The global hotel organization Hyatt announced that it is launching a bug bounty program in order to take the best care of its customers’ cybersecurity, eWEEK reports. This means that external security experts (not staff members) will be given the task to look for software vulnerabilities and will be asked to disclose them only to the researched entity.
This happens only about a month after the massive cybersecurity breach of a rival hostility company, namely Marriott International Inc. As we informed you in December, Marriott International reported that the personal data of about 327 million of their guests had been stolen during the penetration of its Starwood guest reservation database. It included some combination of a phone number, name, mailing address, email address, passport number, Starwood Preferred Guest account information, date of birth, gender, arrival and departure information, reservation date and even credit card information.
Now more than 150 people are suing the hotel chain in a federal class-action lawsuit, Vox website reports. The suit was filed at Maryland federal district court on January 9, claiming that Marriott did not act adequately both before the breach and after it was revealed. The victims’ claims are supported by a report which the Wall Street Journal released. It showed that Starwood was the target of another attack in 2015. Hackers then have had access to the system for eight months before being detected. Experts ask the question – could the huge breach have been avoided if external experts had been hired?
Apparently, Hyatt has learned from their direct rival’s mistakes and paid closer attention to strengthening its cybesecurty. The hotel chain has hired HackerOne, a bug bounty program provider, with a private invitation-only period. It turned out that the system works since 14 vulnerabilities have been resolved.
HackerOne CEO Marten Mickos commented for eWEEK the link between Marriott’s breach exposure and Hyatt’s announcement of hiring his company:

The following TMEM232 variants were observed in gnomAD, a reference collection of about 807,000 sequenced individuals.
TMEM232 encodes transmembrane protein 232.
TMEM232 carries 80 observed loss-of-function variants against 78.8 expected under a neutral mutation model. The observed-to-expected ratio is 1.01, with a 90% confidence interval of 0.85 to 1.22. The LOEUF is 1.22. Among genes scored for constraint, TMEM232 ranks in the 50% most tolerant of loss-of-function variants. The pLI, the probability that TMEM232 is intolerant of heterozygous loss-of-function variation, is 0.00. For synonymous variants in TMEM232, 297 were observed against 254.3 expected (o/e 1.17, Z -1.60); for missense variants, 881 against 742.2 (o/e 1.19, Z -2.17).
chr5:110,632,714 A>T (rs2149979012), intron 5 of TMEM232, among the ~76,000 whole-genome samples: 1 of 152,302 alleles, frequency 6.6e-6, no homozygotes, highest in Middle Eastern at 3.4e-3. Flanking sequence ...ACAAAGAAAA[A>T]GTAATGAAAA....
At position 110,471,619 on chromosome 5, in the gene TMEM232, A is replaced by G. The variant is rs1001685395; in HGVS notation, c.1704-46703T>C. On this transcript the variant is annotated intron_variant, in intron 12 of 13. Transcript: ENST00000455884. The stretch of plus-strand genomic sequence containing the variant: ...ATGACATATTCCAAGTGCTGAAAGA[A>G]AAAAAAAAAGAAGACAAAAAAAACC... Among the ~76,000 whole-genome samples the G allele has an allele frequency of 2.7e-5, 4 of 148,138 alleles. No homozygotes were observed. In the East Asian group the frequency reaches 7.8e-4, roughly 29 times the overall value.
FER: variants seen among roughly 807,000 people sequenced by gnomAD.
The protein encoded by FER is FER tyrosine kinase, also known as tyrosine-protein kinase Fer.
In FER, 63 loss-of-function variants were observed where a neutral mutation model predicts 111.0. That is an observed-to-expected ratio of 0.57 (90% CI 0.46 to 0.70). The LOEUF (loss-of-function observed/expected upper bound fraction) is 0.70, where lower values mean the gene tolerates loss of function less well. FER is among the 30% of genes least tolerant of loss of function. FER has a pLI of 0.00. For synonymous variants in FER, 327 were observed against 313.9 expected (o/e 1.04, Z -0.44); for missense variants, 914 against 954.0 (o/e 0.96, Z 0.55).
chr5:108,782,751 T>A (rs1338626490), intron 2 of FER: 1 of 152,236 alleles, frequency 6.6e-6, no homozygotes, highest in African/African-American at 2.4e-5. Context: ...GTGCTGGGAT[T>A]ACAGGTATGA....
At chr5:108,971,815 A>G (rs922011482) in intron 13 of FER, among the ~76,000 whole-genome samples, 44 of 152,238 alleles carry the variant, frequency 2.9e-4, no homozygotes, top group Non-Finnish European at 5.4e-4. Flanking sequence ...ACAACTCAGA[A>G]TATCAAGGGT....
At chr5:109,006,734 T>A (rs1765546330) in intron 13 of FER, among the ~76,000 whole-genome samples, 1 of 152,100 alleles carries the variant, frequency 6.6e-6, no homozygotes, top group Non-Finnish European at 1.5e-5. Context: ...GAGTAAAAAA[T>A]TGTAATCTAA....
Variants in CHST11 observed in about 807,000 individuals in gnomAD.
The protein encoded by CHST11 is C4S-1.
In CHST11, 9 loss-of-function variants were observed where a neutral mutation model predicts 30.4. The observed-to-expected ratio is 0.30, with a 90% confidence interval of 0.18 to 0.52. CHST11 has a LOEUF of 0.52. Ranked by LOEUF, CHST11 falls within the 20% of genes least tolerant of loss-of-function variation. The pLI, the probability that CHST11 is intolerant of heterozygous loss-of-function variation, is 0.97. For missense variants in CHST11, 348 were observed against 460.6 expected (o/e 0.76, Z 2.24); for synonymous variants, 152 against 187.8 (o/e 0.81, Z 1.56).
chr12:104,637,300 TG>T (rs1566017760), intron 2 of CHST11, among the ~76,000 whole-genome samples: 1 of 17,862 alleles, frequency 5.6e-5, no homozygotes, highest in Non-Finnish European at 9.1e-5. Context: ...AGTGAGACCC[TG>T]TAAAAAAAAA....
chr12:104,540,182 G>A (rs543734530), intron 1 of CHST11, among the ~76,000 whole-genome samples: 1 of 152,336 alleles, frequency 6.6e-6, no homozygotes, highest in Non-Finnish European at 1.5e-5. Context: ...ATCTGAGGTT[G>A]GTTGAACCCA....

“We work long term and strategically with our customers, and programs are launched based on when is best for our customer, not based on external events. As a general rule, every organization should welcome security input from hackers, and the more open the program is, the more benefit it will bring.”
Mickos also said that it is time for companies and institutions to start relying on external experts when it comes to their cybersecurity. As smaller enterprises usually cannot afford permanently hired security staff member, it is logical to turn to companies specializing in this.
“In line with that principle, we hope that every hotel and hospitality company will reduce their cyber-risk by launching vulnerability disclosure or bug bounty programs. This will be a welcome improvement for all of society,” he added.
Hyatt, however, is not a sole example of bug bounty program implementation. Recently, Tesla announced that a hacker who finds a software vulnerability in its Model 3, would get the car as a reward.
David Lau, Tesla’s vice president of vehicle software, said:
“Since launching our bug bounty program in 2014 – the first to include a connected consumer vehicle – we have continuously increased our investments into partnerships with security researchers to ensure that all Tesla owners constantly benefit from the brightest minds in the community.”
You can see what the result is when you neglect your cybersecurity by cutting budget from hiring experts. It can literally cost you losing your business. Don’t wait for too long to learn from your own mistakes. Better learn from others’ ones and from the best practices as well. Contact AMATAS – we can help you protect your business.